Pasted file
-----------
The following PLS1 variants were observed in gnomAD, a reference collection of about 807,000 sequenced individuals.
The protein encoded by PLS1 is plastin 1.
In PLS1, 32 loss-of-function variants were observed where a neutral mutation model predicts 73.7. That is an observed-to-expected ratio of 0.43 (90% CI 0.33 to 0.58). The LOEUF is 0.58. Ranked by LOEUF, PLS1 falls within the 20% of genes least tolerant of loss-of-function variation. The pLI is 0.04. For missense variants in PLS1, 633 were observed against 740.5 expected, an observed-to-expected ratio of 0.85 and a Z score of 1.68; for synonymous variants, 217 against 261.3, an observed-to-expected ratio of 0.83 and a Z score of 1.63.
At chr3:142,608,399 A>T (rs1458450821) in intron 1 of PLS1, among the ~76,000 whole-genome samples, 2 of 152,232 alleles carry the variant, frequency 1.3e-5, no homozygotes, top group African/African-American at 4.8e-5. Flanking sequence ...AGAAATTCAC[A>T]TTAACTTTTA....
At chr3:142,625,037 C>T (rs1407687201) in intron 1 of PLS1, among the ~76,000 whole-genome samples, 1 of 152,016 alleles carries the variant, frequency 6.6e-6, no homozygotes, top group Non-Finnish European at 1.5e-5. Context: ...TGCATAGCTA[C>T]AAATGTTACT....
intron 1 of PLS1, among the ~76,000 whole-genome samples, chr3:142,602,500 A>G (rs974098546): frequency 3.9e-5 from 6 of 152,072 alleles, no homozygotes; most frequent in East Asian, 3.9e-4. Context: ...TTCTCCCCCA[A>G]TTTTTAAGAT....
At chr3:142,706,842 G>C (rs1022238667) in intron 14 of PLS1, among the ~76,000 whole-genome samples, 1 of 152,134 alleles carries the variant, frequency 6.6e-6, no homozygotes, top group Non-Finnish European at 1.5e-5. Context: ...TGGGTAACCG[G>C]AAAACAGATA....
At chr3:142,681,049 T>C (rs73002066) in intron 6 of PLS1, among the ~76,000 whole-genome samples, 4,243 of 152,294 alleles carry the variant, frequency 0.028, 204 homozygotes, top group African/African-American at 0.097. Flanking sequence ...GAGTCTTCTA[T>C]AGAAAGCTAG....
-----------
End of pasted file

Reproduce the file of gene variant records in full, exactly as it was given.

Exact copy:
The following PLS1 variants were observed in gnomAD, a reference collection of about 807,000 sequenced individuals.
The protein encoded by PLS1 is plastin 1.
In PLS1, 32 loss-of-function variants were observed where a neutral mutation model predicts 73.7. That is an observed-to-expected ratio of 0.43 (90% CI 0.33 to 0.58). The LOEUF is 0.58. Ranked by LOEUF, PLS1 falls within the 20% of genes least tolerant of loss-of-function variation. The pLI is 0.04. For missense variants in PLS1, 633 were observed against 740.5 expected, an observed-to-expected ratio of 0.85 and a Z score of 1.68; for synonymous variants, 217 against 261.3, an observed-to-expected ratio of 0.83 and a Z score of 1.63.
At chr3:142,608,399 A>T (rs1458450821) in intron 1 of PLS1, among the ~76,000 whole-genome samples, 2 of 152,232 alleles carry the variant, frequency 1.3e-5, no homozygotes, top group African/African-American at 4.8e-5. Flanking sequence ...AGAAATTCAC[A>T]TTAACTTTTA....
At chr3:142,625,037 C>T (rs1407687201) in intron 1 of PLS1, among the ~76,000 whole-genome samples, 1 of 152,016 alleles carries the variant, frequency 6.6e-6, no homozygotes, top group Non-Finnish European at 1.5e-5. Context: ...TGCATAGCTA[C>T]AAATGTTACT....
intron 1 of PLS1, among the ~76,000 whole-genome samples, chr3:142,602,500 A>G (rs974098546): frequency 3.9e-5 from 6 of 152,072 alleles, no homozygotes; most frequent in East Asian, 3.9e-4. Context: ...TTCTCCCCCA[A>G]TTTTTAAGAT....
At chr3:142,706,842 G>C (rs1022238667) in intron 14 of PLS1, among the ~76,000 whole-genome samples, 1 of 152,134 alleles carries the variant, frequency 6.6e-6, no homozygotes, top group Non-Finnish European at 1.5e-5. Context: ...TGGGTAACCG[G>C]AAAACAGATA....
At chr3:142,681,049 T>C (rs73002066) in intron 6 of PLS1, among the ~76,000 whole-genome samples, 4,243 of 152,294 alleles carry the variant, frequency 0.028, 204 homozygotes, top group African/African-American at 0.097. Flanking sequence ...GAGTCTTCTA[T>C]AGAAAGCTAG....